Year Released: 2013
MPAA Rating: Unrated
Running Time: 92 minutes
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Sue (Mackenzie Davis) and Bobby (Jeremy Allen White) gotta get out of this place. They’re both smart kids, but stuck in a bad town. A town where the sun don’t shine and the only thing to do is get into mischief and trouble. Good thing is that they both have been accepted to excellent colleges and it seems to be their ticket to freedom and a better life. They’re both incredibly smart and love to debate trivial things — there’s a great scene at the beginning of the film where they talk Whataburger’s biscuits and gravy, if the meal should be plural or just biscuit and gravy since it’s, well, just one biscuit being eaten. Their chatter is endearing.
Before they can head off to school, trouble in paradise smacks them right in the face. BJ (Logan Huffman), Sue’s kind of boyfriend, is a self-serving idiot who steals a lot of money from a bad man named Giff. Just about the only character development we get from BJ is that he’s a sonofabitch. Maybe he’s lonely — after all, he’s the only one of the three not going to college and will be stuck in this town everyone’s trying to leave — or maybe he’s losing his mind from boredom, but there’s no denying he’s a real piece of work.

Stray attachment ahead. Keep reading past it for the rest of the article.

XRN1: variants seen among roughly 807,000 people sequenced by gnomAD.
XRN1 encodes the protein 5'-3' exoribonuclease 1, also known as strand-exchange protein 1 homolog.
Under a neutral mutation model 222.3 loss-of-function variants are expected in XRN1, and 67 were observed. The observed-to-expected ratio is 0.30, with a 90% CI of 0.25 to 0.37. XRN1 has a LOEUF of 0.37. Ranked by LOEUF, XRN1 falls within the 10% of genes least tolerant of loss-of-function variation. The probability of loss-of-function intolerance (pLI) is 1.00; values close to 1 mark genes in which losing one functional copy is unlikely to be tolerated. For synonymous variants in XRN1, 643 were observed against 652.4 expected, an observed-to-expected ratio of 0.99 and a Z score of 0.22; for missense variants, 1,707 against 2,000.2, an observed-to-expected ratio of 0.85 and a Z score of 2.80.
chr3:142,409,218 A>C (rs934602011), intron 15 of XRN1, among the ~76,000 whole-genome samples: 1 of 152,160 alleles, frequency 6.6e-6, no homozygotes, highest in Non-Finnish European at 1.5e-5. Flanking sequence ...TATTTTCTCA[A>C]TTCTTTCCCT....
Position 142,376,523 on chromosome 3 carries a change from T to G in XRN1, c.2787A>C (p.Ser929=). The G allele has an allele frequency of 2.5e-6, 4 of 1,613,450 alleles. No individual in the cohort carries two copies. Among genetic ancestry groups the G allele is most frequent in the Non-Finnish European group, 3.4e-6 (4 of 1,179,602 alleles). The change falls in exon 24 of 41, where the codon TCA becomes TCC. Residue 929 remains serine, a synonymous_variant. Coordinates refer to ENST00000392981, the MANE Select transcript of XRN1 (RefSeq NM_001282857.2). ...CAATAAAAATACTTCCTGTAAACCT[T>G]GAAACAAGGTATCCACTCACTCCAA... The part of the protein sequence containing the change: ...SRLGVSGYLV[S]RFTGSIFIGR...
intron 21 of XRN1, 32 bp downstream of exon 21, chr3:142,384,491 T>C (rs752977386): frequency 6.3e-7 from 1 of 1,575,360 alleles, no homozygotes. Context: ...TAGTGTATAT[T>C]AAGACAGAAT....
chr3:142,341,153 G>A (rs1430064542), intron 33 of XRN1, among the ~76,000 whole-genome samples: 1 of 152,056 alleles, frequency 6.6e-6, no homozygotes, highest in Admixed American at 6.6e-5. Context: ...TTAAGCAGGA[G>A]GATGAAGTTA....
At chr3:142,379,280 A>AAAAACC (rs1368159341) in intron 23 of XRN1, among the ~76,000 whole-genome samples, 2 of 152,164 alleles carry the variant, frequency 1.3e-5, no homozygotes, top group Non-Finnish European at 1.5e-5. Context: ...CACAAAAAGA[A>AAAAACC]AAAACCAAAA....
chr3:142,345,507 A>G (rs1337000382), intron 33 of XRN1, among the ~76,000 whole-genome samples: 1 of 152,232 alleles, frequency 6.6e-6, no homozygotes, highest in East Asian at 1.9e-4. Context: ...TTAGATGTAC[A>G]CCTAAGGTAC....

Before you know it, Giff has BJ, Sue and Bobby in his pocket for taking his money (the latter are innocent but unfortunately guilty by association). Giff gives them an an ultimatum: die faster than disco did, or steal more money from an even bigger, badder boss who goes by the name of Big Red. While Big Red is known throughout the town as a ruthless man, nobody has seen him before.
There are two problems in We Gotta Get Out of This Place. The first is trust. Sue and Bobby know they can’t trust BJ because he’s off his rocker. They could steal the money and get out of town, but then they’ll be looking over their shoulder for the rest of their lives. If they get the money for Giff to make things even, they know he’s going to kill them — after all, he needs someone to blame for stealing Big Red’s money. The second, which is the most problematic, is everyone in We Gotta Get Out of This Place is looking for a way out of town — some selfish, and some to better themselves. Both are not working in anyone’s favor.
The cast is really well-rounded. Giff is played by Mark Pellegrino, who took this character and made it his own — he’s menacing, hilarious and not afraid to die. This is the best villain I’ve seen on screen since Heath Ledger’s Joker because he takes nothing seriously, not even when a gun is pointed in his face with the trigger locked and loaded. There’s just something awesome about a bad guy who cuts loose and steals the show, and Pellegrino does just that. Sue and Bobby’s chemistry is very endearing. These two love each other, it’s unspoken but so beautiful. When it comes to surviving, these two would do almost anything for each other.
We Gotta Get Out of This Place is screenwriter Dutch Southern’s first produced script, and please God, don’t let it be his last. From the grimy atmosphere of the town, to the bravura nature of his raw and untouchable dialogue — he’s a wizard of words and mood, that’s for sure. Southern has a lot of potential and is about to shake things up in Hollywood.
Posted on April 8, 2014 in Reviews by Chase Whale
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